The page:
So, new adventure. Wanted a small laptop with Linux (Xubuntu) without a lot of money. My Lenovo W510 is a power house but weighs a lot and takes up quite a bit of real estate. Found out that the Acer C7 can be hacked a bit to load up Linux. Spent about 4 days so far testing various options, now have it running pretty darn well. Note, left it at 13.04 until the Intel Video driver is available in 13.10 or 14.04.
Quite a few caveats that I’ll try to cover. First, though, if you want 64-bit with a clean kernel, don’t bother with the various scripts. I utilized the firmware change instead that loads SeaBIOS and Grub2. That gets you to where you can install Linux more or less normally. Chrome OS? That’s different; if you have to have it then you’re on your own. I wanted Linux. Period.
First, I swapped the 4 GB RAM for 16 GB RAM and the 16 GB SSD to a 1 TB Hitachi SATA 3. Yes, it runs with no problem, although the drive is a bit tight fit.
Next, jumpered out the write protect on the motherboard. Various Internet sites show how to accomplish this so I’ll not bother showing pics. It’s a very small micro-jumper, so I used a little foil from a Hershey’s Kiss and a bit of tape to hold it on the pins. You’re only doing this long enough to backup the old firmware and then write the new firmware.
Speaking of firmware, use sudo flashrom -r filename.rom to backup the existing firmware. It’s pretty quick. Next, find the firmware you want to replace it with and use sudo flashrom -w whatevername.rom. This takes a couple of minutes so be patient. Whatever you do, don’t let the battery run down or otherwise cycle power. Can you say $200 brick?
Now that firmware is backed up and copied to a safe place, as well as the new firmware in place, reboot. You’ll see a text-mode screen that resembles GRUB; follow the prompts, pressing F10 to get to a boot menu. Hopefully, you have a memory stick prepared with Xubuntu 64-bit live distro (or whatever) using unetbootin to set it up. BTW, this step took longer than just about everything else, other than figuring out that the script method was out.
Once booted, you can pretty much install as normal. I don’t think I experienced any heart-stopping moments. I did start with 12.04 LTS and then updated until I reached 13.04, but you should be able to install whatever version you want, within reason.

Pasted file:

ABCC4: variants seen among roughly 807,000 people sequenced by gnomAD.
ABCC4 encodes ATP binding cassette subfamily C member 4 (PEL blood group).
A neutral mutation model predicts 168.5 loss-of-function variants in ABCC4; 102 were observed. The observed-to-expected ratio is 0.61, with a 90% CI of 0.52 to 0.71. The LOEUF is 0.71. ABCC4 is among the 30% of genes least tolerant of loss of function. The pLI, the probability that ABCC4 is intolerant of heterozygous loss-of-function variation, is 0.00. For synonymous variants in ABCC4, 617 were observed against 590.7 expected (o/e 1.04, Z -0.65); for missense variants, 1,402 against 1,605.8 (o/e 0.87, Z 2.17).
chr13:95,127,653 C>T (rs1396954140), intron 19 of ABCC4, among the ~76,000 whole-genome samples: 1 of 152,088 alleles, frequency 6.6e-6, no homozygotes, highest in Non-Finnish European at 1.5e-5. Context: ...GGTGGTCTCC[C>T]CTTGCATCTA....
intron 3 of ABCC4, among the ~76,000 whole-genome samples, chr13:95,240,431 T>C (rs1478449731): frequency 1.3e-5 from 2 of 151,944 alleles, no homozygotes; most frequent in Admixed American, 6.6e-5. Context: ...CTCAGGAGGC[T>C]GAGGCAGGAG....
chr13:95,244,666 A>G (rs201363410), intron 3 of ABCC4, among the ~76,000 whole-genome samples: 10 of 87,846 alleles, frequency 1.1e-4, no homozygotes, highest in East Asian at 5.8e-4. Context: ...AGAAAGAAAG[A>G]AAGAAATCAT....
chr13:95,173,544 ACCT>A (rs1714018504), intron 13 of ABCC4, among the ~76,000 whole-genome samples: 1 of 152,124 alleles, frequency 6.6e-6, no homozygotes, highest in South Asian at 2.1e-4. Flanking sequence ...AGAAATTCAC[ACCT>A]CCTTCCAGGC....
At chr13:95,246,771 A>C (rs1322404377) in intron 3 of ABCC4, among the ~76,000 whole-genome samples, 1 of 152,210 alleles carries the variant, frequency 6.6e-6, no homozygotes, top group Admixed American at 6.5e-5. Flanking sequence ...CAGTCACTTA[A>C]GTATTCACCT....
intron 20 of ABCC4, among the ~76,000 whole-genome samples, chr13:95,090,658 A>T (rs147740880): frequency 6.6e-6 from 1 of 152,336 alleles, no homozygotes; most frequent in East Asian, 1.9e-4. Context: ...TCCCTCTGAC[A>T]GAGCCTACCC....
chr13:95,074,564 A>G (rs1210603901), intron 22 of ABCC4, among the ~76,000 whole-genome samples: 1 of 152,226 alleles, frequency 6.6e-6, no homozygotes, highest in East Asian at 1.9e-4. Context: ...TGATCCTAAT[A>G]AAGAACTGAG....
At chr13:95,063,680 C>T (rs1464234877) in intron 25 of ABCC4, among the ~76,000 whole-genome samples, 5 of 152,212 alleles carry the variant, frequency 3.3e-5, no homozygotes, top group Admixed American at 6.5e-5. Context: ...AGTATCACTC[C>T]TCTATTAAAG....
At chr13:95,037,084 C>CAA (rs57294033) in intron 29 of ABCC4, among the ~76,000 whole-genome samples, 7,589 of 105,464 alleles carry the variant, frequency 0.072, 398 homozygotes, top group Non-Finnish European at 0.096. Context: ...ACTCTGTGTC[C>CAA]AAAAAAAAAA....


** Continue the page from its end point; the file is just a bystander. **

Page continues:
You’ll notice that the trackpad doesn’t work (unless you’re luckier than I am). Upgrade the kernel to 3.11.4+ using the following commands (this is the 64-bit version). The reason for this upgrade is because 3.11 includes quite a few items relating to the Chromium laptops that are out there:
wget http://kernel.ubuntu.com/~kernel-ppa/mainline/v3.11.4-saucy/linux-headers-3.11.4-031104-generic_3.11.4-031104.201310081221_amd64.deb wget http://kernel.ubuntu.com/~kernel-ppa/mainline/v3.11.4-saucy/linux-headers-3.11.4-031104_3.11.4-031104.201310081221_all.deb wget http://kernel.ubuntu.com/~kernel-ppa/mainline/v3.11.4-saucy/linux-image-3.11.4-031104-generic_3.11.4-031104.201310081221_amd64.deb
sudo dpkg -i linux-headers-3.11.4*.deb linux-image-3.11.4*.deb
Now, you’ll find that your trackpad still doesn’t work. Problem is that only 1 of 4 drivers loads and order of the 4 is essential. First, use sudo rmmod chromeos_laptop to briefly unload that driver. Now, use sudo modprobe i2c-i801, sudo modprobe i2c-dev, sudo modprobe chromeos_laptop, and sudo modprobe cyapa to load everything in the correct order. Your trackpad should work. I still have to figure out how to force Xubuntu to load them in the order I want, but I now have options.
BTW, glxgears gives about 300 fps out of the box. I haven’t played with any optimization. Also, VirtualBox appears to have installed properly, which I have been unable to accomplish using the script configurations.
EDIT: To enable the trackpad, edit /etc/modprobe.d/blacklist.conf to include the line:
Now edit /etc/modules to include the lines:
Your trackpad should now be functional.
[2014-08-08: Edited chromeos-laptop entry.]